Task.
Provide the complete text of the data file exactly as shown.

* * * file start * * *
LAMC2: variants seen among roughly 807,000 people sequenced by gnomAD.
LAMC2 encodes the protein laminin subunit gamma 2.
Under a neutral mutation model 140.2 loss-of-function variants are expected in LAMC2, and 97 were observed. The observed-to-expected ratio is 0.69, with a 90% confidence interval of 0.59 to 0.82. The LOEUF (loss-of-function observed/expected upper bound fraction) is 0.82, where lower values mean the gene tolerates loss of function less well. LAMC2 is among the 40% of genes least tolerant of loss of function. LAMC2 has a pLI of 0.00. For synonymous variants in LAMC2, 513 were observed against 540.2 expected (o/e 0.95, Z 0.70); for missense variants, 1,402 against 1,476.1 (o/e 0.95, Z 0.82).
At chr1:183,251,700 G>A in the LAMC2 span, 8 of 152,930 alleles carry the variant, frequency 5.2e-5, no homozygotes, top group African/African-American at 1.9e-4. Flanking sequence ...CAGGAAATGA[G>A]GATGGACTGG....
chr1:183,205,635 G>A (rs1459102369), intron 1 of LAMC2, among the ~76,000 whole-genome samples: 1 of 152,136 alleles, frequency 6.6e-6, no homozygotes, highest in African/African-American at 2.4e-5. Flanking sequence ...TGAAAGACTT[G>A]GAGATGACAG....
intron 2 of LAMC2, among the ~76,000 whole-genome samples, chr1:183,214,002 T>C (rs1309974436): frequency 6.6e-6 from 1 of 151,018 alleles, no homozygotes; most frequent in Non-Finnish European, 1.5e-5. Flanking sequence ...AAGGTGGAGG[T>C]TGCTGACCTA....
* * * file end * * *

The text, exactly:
LAMC2: variants seen among roughly 807,000 people sequenced by gnomAD.
LAMC2 encodes the protein laminin subunit gamma 2.
Under a neutral mutation model 140.2 loss-of-function variants are expected in LAMC2, and 97 were observed. The observed-to-expected ratio is 0.69, with a 90% confidence interval of 0.59 to 0.82. The LOEUF (loss-of-function observed/expected upper bound fraction) is 0.82, where lower values mean the gene tolerates loss of function less well. LAMC2 is among the 40% of genes least tolerant of loss of function. LAMC2 has a pLI of 0.00. For synonymous variants in LAMC2, 513 were observed against 540.2 expected (o/e 0.95, Z 0.70); for missense variants, 1,402 against 1,476.1 (o/e 0.95, Z 0.82).
At chr1:183,251,700 G>A in the LAMC2 span, 8 of 152,930 alleles carry the variant, frequency 5.2e-5, no homozygotes, top group African/African-American at 1.9e-4. Flanking sequence ...CAGGAAATGA[G>A]GATGGACTGG....
chr1:183,205,635 G>A (rs1459102369), intron 1 of LAMC2, among the ~76,000 whole-genome samples: 1 of 152,136 alleles, frequency 6.6e-6, no homozygotes, highest in African/African-American at 2.4e-5. Flanking sequence ...TGAAAGACTT[G>A]GAGATGACAG....
intron 2 of LAMC2, among the ~76,000 whole-genome samples, chr1:183,214,002 T>C (rs1309974436): frequency 6.6e-6 from 1 of 151,018 alleles, no homozygotes; most frequent in Non-Finnish European, 1.5e-5. Flanking sequence ...AAGGTGGAGG[T>C]TGCTGACCTA....